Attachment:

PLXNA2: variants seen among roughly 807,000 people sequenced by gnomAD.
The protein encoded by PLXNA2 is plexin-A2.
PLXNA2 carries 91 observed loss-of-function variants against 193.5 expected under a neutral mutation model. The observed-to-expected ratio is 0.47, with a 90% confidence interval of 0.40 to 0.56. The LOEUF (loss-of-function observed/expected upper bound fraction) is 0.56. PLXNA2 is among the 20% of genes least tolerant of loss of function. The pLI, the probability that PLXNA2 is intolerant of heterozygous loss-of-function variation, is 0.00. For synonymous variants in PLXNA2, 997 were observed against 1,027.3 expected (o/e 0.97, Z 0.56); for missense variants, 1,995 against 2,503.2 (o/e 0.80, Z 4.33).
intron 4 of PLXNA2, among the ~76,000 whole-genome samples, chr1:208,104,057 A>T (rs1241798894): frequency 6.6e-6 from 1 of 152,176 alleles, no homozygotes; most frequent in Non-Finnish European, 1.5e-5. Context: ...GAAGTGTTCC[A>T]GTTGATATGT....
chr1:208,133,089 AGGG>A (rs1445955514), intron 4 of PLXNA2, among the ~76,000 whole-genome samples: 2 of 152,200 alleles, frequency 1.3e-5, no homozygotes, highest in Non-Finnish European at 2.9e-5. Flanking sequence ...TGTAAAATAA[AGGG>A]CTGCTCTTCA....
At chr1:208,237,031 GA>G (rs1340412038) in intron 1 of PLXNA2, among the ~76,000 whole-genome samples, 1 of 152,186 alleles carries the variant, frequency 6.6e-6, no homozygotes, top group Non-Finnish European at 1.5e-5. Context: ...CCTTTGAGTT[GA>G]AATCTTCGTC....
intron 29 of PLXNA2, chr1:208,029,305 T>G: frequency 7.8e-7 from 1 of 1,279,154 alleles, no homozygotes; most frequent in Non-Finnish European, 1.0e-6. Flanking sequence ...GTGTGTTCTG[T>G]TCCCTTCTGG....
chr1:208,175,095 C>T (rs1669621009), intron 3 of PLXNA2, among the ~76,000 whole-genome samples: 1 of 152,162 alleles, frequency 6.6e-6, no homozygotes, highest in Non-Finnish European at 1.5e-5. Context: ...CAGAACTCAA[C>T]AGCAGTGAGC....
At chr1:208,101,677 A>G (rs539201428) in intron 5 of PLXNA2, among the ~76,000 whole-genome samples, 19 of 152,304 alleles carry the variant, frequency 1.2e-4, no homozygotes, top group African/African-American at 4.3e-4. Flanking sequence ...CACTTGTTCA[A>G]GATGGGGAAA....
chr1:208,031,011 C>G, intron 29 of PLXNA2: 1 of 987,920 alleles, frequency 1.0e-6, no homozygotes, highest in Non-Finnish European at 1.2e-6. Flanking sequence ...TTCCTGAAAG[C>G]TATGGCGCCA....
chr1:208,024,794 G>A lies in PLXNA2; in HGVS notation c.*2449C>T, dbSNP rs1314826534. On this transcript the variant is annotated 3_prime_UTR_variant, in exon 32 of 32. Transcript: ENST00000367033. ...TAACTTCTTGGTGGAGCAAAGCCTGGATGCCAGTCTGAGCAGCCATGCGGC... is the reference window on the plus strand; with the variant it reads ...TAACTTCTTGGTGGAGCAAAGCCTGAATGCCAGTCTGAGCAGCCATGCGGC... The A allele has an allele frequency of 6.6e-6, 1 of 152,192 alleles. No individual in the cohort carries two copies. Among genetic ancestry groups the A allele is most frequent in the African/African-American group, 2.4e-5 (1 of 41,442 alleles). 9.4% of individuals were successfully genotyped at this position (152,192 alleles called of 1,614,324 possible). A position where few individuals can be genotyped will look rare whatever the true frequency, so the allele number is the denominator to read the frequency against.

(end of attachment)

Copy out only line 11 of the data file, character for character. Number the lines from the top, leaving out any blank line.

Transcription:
chr1:208,024,794 G>A lies in PLXNA2; in HGVS notation c.*2449C>T, dbSNP rs1314826534. On this transcript the variant is annotated 3_prime_UTR_variant, in exon 32 of 32. Transcript: ENST00000367033. ...TAACTTCTTGGTGGAGCAAAGCCTGGATGCCAGTCTGAGCAGCCATGCGGC... is the reference window on the plus strand; with the variant it reads ...TAACTTCTTGGTGGAGCAAAGCCTGAATGCCAGTCTGAGCAGCCATGCGGC... The A allele has an allele frequency of 6.6e-6, 1 of 152,192 alleles. No individual in the cohort carries two copies. Among genetic ancestry groups the A allele is most frequent in the African/African-American group, 2.4e-5 (1 of 41,442 alleles). 9.4% of individuals were successfully genotyped at this position (152,192 alleles called of 1,614,324 possible). A position where few individuals can be genotyped will look rare whatever the true frequency, so the allele number is the denominator to read the frequency against.